die-off

1 of 2

noun

: a sudden sharp decline of a population of animals or plants that is not caused directly by human activity

die off

2 of 2

verb

died off; dying off; dies off

intransitive verb

: to die sequentially either singly or in numbers so that the total number is greatly diminished

Examples of die-off in a Sentence

Recent Examples on the Web
Noun
The Oregon incident comes on the heels of a mass Chinook salmon smolt die-off in Northern California. Sarah Kuta, Smithsonian Magazine, 5 Apr. 2024 Since 2007, the first census after alarming bee die-offs began in 2006, the honeybee has been the fastest-growing livestock segment in the country! Andrew Van Dam, Washington Post, 29 Mar. 2024 Large animal die-offs are often due to biotoxins, viruses or bacterial infections. Susanne Rust, Los Angeles Times, 27 Mar. 2024 California wildlife officials report large die-off of salmon fry The first release of Chinook salmon fry in northern California didn’t go according to plan. Elizabeth Robinson, NBC News, 5 Mar. 2024 Species like shad often experience some level of die-off when temperatures drop. Joe Cermele, Field & Stream, 14 Mar. 2024 But the recent die-off of salmon fry was unintentional. Sarah Kuta, Smithsonian Magazine, 8 Mar. 2024 On the state’s east coast, decades of sewage and fertilizer pollution had led to a mass die-off of seagrass, which the animals rely on for food. Jason Gulley Catrin Einhorn, New York Times, 7 Mar. 2024 The investigation, much like the mass die-off of the bees, was unique, Cooper said. Caleb Lunetta, San Diego Union-Tribune, 19 Jan. 2024
Verb
Share [Findings] Inland waters are emitting previously unaccounted-for levels of carbon dioxide, and freshwater insects are flourishing even as terrestrial insects are dying off. Rafil Kroll-Zaidi, Harper's Magazine, 27 Mar. 2024 Through tonight: Winds die off with the sunset while skies remain mostly clear. Ian Livingston, Washington Post, 21 Mar. 2024 This is only needed for a few days - to ensure any remaining lice on those surfaces naturally die off. USA TODAY, 16 Mar. 2024 Shading the understory can cause diverse grasses and shrubs to die off–triggering a ripple effect of cascading species losses all across the food web. Popular Science, 15 Feb. 2024 The problem of witnesses dying off or forgetting details also afflicts the government’s case. Carol Rosenberg, New York Times, 23 Feb. 2024 This particular trope about Biden and Ukraine and the bribe that wasn’t is unlikely to die off swiftly. Susan B. Glasser, The New Yorker, 22 Feb. 2024 Large amounts of plankton-eating fish died off as a result, leaving mosasaurs and plesiosaurs to face eventual extinction due to a shortage of nourishment. Jack Knudson, Discover Magazine, 22 Dec. 2023 Older generations, admirably resilient, are inevitably dying off, and youngsters want their chips and cookies and cell phones. Chris Vognar, Rolling Stone, 30 Aug. 2023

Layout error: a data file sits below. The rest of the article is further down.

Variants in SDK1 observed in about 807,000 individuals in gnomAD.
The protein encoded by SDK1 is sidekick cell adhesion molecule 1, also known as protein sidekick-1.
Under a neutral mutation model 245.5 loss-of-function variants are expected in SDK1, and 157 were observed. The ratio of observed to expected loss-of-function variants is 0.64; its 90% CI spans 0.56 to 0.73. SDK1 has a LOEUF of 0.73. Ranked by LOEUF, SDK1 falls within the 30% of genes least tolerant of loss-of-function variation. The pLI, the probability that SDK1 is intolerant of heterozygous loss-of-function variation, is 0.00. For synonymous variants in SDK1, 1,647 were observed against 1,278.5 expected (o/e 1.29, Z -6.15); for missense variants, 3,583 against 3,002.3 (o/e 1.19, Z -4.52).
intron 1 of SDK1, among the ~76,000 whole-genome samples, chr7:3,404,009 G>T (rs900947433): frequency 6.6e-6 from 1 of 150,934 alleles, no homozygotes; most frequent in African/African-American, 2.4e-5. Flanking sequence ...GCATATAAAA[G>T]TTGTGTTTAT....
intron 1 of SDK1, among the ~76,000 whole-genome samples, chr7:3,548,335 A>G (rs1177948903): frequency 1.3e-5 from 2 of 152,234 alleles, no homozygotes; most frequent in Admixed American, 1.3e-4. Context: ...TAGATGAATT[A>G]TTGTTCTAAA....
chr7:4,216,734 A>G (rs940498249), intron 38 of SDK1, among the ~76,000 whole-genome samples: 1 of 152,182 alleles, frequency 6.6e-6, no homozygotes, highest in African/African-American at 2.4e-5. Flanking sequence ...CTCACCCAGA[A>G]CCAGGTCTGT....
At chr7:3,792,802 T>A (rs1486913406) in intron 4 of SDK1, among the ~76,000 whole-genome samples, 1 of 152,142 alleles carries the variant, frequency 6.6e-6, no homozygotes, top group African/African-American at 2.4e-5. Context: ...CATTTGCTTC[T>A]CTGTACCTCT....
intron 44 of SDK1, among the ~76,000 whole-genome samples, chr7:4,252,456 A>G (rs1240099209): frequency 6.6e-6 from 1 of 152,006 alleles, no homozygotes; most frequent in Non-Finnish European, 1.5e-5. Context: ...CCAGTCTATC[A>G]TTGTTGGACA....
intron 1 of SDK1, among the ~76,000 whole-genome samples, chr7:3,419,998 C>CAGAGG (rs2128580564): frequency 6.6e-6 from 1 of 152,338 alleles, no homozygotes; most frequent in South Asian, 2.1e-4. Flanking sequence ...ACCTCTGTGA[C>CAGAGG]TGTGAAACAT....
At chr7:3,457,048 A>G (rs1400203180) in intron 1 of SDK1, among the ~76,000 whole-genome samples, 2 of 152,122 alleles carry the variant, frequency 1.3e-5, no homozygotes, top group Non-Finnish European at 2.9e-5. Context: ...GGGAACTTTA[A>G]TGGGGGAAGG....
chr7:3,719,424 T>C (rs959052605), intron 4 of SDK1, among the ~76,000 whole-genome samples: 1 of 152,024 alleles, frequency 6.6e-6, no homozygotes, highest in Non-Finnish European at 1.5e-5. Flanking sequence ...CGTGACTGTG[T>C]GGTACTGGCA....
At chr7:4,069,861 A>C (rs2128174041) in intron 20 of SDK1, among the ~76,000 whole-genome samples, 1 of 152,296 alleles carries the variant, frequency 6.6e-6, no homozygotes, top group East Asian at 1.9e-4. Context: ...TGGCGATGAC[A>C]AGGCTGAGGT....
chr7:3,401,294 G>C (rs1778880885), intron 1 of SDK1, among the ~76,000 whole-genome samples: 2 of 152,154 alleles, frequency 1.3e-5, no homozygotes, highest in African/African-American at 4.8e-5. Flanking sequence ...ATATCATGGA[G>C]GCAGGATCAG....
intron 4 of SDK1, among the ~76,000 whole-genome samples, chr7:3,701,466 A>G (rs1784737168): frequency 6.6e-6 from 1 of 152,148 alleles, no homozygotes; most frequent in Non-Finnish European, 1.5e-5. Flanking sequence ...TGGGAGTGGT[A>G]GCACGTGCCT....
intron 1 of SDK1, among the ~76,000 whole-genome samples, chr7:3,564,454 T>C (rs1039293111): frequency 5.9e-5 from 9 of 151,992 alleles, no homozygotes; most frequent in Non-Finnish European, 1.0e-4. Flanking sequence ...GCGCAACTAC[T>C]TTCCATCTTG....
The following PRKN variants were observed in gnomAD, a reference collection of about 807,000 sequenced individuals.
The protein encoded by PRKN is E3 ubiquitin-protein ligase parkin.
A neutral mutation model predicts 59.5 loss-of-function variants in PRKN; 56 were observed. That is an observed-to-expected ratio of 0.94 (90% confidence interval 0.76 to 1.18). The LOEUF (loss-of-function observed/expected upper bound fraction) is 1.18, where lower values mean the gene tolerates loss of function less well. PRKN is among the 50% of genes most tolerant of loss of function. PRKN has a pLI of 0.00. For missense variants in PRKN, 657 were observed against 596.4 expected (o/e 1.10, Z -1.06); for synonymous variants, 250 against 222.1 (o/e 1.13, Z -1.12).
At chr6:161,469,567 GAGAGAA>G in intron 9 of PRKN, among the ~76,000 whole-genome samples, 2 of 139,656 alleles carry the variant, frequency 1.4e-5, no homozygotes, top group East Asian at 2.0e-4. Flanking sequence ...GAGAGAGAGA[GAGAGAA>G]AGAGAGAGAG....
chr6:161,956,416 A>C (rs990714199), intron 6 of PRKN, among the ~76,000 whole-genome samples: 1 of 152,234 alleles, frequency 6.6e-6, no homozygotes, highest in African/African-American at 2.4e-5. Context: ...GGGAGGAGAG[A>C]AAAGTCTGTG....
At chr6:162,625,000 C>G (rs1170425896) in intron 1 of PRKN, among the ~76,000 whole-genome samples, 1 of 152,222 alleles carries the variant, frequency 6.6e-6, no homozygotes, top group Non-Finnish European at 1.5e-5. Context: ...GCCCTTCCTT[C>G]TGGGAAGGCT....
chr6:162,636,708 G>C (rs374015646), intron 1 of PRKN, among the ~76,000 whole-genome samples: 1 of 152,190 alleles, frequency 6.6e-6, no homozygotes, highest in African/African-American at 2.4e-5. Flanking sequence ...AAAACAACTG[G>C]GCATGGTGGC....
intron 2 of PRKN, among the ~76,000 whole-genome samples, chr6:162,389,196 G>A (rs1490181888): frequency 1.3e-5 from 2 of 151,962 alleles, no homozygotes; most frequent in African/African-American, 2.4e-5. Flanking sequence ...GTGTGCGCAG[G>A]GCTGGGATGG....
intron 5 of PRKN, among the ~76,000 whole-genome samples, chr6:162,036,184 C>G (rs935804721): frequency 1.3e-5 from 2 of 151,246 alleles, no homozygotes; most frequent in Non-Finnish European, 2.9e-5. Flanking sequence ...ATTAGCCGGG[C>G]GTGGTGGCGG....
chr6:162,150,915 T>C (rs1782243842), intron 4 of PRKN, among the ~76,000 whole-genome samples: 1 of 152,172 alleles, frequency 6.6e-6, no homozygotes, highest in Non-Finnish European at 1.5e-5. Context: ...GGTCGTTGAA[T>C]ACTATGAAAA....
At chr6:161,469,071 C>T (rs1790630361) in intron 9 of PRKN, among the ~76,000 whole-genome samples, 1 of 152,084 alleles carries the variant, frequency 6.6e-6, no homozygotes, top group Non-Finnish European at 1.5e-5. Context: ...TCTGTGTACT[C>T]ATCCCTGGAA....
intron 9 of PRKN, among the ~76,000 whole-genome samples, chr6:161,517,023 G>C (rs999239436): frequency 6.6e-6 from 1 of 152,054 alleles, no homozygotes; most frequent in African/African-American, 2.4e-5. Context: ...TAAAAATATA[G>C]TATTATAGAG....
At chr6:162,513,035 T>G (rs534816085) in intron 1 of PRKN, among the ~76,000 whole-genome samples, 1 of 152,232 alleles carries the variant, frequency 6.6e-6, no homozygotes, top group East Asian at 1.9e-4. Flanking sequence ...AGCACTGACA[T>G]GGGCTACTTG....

These examples are programmatically compiled from various online sources to illustrate current usage of the word 'die-off.' Any opinions expressed in the examples do not represent those of Merriam-Webster or its editors. Send us feedback about these examples.

Word History

First Known Use

Noun

1936, in the meaning defined above

Verb

1697, in the meaning defined above

Time Traveler
The first known use of die-off was in 1697

Dictionary Entries Near die-off

Cite this Entry

“Die-off.” Merriam-Webster.com Dictionary, Merriam-Webster, https://www.merriam-webster.com/dictionary/die-off. Accessed 13 Apr. 2024.

Kids Definition

die-off

noun
ˈdī-ˌȯf
: a sudden sharp drop in the numbers of plants or animals in a group
Last Updated: - Updated example sentences
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